Just like any other country in the world, Australia also experiences a great deal of domestic violence. Especially against women.
According to statistics, one out of three women in Australia either experiences or have a history of domestic violence. This usually includes physical violence.

Australia has long been recognized as one amazing country, but unfortunately, each and every country in the world has its own set of things and even this country is not an exception to the rule. Although recognized as a country with the lowest crime rates, with a disturbing statistic like that, violence laws and domestic laws are more important than ever before. These laws were established to prohibit and prevent violence within families and their homes.


Understanding Domestic Violence

Domestic violence is a term that is known and used around the world and is one such that many tend to avoid. It is not a subject considered to be pleasant and is often swept under the rug. In a broader sense, it refers to an individual, which could be either a woman, man or child, that is treated in a wrong way. This includes the presence of violence and any other type of behaviour contributing to violence such as trying to control others, as well as having a dominating approach towards others.

Above all else, physical violence is the most common sign that someone is being subjected to domestic violence. It takes many different forms. These include sexual abuse, verbal abuse, financial abuse, stalking, cruelty towards pets, isolating an individual geographically or socially, emotional and psychological abuse and stalking.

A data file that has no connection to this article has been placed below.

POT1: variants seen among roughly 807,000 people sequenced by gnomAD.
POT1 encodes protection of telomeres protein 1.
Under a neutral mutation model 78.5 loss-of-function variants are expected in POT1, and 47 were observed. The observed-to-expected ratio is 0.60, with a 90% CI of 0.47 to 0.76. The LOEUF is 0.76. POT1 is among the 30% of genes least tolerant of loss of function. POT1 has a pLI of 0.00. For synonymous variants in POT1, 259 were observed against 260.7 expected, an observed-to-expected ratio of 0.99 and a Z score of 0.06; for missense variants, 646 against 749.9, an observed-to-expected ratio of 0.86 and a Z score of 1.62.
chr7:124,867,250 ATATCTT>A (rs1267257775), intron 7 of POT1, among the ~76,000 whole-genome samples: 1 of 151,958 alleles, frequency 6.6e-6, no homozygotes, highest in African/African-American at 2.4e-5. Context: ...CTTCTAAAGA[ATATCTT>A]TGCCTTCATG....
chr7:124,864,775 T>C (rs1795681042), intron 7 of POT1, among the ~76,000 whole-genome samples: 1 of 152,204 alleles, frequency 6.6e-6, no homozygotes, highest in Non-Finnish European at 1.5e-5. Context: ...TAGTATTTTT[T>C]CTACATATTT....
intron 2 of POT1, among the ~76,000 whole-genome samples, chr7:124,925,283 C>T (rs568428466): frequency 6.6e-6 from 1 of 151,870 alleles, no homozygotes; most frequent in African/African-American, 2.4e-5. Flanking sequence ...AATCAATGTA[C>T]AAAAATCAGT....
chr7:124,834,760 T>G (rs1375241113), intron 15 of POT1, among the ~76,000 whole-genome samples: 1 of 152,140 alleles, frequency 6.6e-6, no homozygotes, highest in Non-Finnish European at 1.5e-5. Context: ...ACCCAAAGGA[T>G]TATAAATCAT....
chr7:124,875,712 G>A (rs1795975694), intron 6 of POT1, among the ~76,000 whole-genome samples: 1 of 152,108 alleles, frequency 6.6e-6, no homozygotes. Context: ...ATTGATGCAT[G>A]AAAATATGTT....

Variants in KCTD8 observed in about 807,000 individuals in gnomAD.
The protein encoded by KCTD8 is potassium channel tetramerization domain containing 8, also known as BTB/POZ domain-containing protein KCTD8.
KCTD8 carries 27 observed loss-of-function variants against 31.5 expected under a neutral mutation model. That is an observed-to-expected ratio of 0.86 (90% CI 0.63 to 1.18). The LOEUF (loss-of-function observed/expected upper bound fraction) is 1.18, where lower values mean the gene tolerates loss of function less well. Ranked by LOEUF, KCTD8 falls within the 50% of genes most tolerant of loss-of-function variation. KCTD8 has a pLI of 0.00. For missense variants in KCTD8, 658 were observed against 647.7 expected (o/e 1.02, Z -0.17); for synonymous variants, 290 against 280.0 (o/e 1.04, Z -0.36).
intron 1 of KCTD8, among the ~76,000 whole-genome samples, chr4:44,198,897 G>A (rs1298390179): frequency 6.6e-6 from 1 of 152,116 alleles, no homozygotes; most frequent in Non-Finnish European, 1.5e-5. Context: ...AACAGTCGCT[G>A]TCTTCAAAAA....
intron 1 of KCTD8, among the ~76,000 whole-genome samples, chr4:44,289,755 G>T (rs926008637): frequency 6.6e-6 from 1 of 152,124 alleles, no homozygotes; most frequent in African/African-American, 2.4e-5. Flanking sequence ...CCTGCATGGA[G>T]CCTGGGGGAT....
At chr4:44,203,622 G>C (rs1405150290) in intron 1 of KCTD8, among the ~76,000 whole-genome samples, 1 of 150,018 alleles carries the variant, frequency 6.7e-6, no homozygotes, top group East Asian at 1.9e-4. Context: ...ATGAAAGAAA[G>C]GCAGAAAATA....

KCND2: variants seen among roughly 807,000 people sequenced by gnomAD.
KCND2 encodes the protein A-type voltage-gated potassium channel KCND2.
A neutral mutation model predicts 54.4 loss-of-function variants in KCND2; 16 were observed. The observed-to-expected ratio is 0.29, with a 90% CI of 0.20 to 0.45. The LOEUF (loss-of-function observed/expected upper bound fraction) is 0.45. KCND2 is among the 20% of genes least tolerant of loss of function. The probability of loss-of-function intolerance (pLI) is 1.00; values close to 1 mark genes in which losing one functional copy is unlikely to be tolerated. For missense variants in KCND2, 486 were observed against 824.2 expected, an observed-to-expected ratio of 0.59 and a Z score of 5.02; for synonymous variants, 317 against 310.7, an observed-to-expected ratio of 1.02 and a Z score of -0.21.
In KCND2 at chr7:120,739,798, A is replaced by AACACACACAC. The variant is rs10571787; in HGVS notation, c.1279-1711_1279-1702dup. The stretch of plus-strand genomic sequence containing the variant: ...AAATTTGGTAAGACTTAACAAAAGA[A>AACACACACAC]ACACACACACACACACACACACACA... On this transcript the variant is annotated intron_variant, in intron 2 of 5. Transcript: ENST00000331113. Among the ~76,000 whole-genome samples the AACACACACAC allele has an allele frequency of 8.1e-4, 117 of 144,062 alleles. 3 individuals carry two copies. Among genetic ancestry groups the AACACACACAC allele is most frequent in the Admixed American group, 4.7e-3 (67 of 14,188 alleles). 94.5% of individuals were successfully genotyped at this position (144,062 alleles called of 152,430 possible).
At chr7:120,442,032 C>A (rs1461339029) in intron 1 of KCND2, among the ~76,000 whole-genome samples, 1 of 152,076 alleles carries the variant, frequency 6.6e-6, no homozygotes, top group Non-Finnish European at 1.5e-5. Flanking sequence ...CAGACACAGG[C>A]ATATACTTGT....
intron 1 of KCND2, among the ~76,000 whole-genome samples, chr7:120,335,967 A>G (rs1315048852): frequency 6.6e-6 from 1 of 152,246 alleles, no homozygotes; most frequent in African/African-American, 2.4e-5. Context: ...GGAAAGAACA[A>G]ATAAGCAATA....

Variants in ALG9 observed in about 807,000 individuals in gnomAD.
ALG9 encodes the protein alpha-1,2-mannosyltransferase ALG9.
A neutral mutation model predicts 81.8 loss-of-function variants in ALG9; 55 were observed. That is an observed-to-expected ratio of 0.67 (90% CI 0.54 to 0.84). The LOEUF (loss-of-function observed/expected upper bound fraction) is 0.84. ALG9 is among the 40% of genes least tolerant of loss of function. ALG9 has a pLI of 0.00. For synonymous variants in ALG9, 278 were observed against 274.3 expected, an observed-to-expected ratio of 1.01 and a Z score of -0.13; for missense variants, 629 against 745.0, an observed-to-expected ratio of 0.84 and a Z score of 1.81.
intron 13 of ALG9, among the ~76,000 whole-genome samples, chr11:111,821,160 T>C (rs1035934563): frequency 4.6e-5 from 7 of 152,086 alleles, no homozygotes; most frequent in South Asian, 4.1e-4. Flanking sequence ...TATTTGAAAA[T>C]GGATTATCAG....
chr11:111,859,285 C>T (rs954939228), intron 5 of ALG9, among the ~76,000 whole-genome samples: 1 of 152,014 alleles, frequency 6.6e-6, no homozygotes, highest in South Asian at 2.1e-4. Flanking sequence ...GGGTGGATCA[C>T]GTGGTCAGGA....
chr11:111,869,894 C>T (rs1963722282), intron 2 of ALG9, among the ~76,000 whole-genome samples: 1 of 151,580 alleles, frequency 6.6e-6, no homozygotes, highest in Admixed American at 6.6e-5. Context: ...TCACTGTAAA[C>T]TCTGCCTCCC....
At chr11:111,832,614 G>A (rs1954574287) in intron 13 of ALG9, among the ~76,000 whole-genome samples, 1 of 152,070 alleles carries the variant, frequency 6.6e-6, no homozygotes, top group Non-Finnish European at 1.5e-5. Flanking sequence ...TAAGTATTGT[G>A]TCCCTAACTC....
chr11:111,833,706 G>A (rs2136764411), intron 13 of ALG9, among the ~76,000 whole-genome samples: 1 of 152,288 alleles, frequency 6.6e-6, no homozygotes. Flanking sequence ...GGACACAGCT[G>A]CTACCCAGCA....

Although these violations are often hidden by those who are experiencing it as they might be living in fear, the Australian jurisdictions have several specific laws that are aimed to curb these types of violence. The law also supports the principles in the United Nations Declaration on the Elimination of Violence against Women, as well as the United Nations Convention on the Rights of Children.

Child Abuse in Australia – A Solution

According to Section 67ZA (2) of the Family Law Act 1975, there has been a notification established that any children experiencing abuse or are suspected to be abused in their home, whether it’s by their parents or caretakers, should be reported. This law also remains relevant if one suspects that a child is at risk of being abused.

Such an allegation or any similar allegations should be reported to a legal professional which includes registrars, a deputy registrar of a registry or a family court in Australia, family consultants, family counsellors, arbitrators, independent lawyers.

Other than that, beyond federal legislation, Australian states and territories also require doctors, teachers, medical and mental health care professionals to report child abuse if there are any legal grounds of concern regarding a child.

Australia is a strong country and one that cares about its citizens. The legal professionals of this country will always strive to help and assist in any way they possibly can.